UBC Faculty Research and Publications

A proactive approach for managing COVID-19 : The importance of understanding the motivational roots of vaccination hesitancy for SARS-CoV2 Taylor, Steven, 1960-; Landry, Caeleigh A.; Paluszek, Michelle M.; Groenewoud, Rosalind; Rachor, Geoffrey S.; Asmundson, Gordon J. G.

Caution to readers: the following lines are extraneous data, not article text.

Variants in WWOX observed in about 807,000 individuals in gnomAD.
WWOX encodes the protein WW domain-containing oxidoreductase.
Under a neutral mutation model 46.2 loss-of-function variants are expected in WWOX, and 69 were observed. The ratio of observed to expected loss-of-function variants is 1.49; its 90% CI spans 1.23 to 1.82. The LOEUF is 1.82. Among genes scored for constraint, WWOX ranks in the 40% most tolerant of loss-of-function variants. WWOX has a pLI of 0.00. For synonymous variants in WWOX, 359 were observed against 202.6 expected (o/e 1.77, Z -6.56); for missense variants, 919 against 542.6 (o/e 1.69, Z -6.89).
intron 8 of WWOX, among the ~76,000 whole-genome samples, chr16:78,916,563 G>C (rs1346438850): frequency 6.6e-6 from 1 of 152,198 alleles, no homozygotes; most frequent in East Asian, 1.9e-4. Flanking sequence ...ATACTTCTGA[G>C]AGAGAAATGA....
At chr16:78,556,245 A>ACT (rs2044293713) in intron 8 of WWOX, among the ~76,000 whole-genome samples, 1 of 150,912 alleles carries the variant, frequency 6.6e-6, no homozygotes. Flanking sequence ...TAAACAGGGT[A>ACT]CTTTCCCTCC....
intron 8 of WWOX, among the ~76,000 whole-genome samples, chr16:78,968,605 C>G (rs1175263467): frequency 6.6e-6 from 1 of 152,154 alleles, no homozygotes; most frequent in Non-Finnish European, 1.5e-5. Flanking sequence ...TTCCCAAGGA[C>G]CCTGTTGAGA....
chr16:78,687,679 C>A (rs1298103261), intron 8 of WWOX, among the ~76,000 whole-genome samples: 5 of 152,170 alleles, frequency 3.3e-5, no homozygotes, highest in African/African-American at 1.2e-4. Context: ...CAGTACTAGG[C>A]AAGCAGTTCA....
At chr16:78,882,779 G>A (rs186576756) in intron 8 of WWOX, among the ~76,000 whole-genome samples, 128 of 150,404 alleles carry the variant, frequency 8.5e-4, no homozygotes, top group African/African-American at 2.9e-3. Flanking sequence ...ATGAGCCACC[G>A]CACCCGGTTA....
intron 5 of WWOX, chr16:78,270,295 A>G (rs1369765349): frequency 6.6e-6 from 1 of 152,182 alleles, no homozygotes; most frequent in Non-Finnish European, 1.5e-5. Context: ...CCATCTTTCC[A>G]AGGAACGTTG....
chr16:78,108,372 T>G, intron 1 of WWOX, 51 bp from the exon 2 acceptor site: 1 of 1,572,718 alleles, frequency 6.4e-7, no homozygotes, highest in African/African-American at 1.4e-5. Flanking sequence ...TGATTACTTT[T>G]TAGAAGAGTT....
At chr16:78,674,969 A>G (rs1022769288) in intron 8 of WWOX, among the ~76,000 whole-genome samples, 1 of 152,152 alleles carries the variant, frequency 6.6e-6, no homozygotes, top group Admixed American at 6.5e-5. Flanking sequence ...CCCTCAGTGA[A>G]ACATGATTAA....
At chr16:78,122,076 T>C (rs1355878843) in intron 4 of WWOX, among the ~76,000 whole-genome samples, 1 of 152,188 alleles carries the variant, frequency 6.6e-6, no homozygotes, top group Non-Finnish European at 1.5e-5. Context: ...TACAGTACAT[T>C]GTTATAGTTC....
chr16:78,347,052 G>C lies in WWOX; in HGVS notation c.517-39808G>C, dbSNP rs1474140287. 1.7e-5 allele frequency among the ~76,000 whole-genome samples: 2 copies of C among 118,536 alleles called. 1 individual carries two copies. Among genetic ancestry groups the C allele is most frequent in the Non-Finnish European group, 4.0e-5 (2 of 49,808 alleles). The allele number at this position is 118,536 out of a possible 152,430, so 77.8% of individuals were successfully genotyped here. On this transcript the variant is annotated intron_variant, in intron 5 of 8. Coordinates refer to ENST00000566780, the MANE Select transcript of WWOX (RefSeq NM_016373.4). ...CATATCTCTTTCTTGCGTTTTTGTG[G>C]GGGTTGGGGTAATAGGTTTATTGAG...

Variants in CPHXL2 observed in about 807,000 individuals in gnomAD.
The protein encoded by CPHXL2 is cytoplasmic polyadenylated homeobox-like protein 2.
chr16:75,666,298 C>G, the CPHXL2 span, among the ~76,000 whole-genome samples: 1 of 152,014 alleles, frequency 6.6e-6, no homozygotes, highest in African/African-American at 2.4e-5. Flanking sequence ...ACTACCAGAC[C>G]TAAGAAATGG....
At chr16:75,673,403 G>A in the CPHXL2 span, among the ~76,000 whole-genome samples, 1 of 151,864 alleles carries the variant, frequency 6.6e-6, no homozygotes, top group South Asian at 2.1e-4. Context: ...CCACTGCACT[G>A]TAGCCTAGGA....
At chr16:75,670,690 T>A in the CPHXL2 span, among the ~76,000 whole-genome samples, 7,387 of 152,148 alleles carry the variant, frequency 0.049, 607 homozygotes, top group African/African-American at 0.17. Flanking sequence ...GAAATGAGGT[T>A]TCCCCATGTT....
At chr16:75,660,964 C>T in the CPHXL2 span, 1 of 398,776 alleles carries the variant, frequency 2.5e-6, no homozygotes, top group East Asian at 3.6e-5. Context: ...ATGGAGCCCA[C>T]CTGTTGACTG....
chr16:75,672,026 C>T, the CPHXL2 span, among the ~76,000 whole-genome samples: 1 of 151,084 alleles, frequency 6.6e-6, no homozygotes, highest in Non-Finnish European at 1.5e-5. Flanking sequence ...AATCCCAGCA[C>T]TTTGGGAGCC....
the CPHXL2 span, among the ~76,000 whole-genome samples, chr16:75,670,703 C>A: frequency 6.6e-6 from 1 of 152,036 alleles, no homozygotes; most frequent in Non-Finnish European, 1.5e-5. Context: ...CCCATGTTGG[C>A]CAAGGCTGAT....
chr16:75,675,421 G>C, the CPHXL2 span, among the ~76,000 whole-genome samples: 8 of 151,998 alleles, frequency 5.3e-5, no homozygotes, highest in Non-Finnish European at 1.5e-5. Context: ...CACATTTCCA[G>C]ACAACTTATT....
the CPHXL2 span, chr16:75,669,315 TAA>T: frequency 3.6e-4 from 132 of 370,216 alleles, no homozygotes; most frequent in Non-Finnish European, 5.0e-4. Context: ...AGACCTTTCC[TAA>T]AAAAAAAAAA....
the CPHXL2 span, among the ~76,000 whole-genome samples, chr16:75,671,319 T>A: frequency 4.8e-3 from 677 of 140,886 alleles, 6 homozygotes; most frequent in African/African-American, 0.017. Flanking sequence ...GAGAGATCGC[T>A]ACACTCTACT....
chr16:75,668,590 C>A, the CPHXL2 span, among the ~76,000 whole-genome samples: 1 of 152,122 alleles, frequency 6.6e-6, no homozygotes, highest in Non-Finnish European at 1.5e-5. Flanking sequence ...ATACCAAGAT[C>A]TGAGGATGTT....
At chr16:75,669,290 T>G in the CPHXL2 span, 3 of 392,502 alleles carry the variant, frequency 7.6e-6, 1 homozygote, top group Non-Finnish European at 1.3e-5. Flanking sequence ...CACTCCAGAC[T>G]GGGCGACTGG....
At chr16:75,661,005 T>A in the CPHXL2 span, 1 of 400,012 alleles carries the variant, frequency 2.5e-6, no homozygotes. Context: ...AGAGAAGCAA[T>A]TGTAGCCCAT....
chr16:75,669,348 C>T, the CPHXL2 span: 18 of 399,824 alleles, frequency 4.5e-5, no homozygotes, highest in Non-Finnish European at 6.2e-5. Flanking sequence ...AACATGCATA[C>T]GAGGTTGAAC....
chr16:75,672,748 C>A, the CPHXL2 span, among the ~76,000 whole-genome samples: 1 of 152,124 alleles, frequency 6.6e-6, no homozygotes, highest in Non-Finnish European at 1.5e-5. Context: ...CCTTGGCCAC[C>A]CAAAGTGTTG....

Importance: Vaccination hesitancy—the reluctance or refusal to be vaccinated—is a leading global health threat (World Health Organization, 2019). It is imperative to identify the prevalence of vaccination hesitancy for SARS-CoV2 in order to understand the scope of the problem and to identify its motivational roots in order to proactively prepare to address the problem when a vaccine eventually becomes available. Objective: To identify (1) the prevalence of vaccination hesitancy for a SARS-CoV2 vaccine, (2) the motivational roots of this hesitancy, and (3) the most promising incentives for improving the likelihood of vaccination uptake when a vaccine does become available. Design, Setting, and Participants: A cross-sectional sample of 3,674 American and Canadian adults assessed during the COVID-19 pandemic in May 2020. Main Outcomes: Measures of vaccination intention (i.e., “If a vaccine for COVID-19 was available, would you get vaccinated?”), attitudes toward vaccines in general and specific to SARS-CoV2 using the Vaccination Attitudes Examination Scale, and incentives for getting vaccinated for those who reported they would not get vaccinated. Results: Many American (25%) and Canadian (20%) respondents said that they would not get vaccinated against SARS-CoV2 if a vaccine was available. Nonadherence rates of this magnitude would make it difficult or impossible to achieve herd immunity. Vaccine rejection was most strongly correlated with mistrust of vaccine benefit, and also correlated with worry about unforeseen future effects, concerns about commercial profiteering from pharmaceutical companies, and preferences for natural immunity. When asked about incentives for getting vaccinated, respondents were most likely to report that evidence for rigorous testing and safety of the vaccine were of greatest importance. Conclusions and Relevance: Vaccination hesitancy is a major looming problem for COVID-19. To improve vaccine uptake, it is imperative that the vaccine is demonstrated to the public to be rigorously tested and not perceived as rushed or premature in its dissemination.

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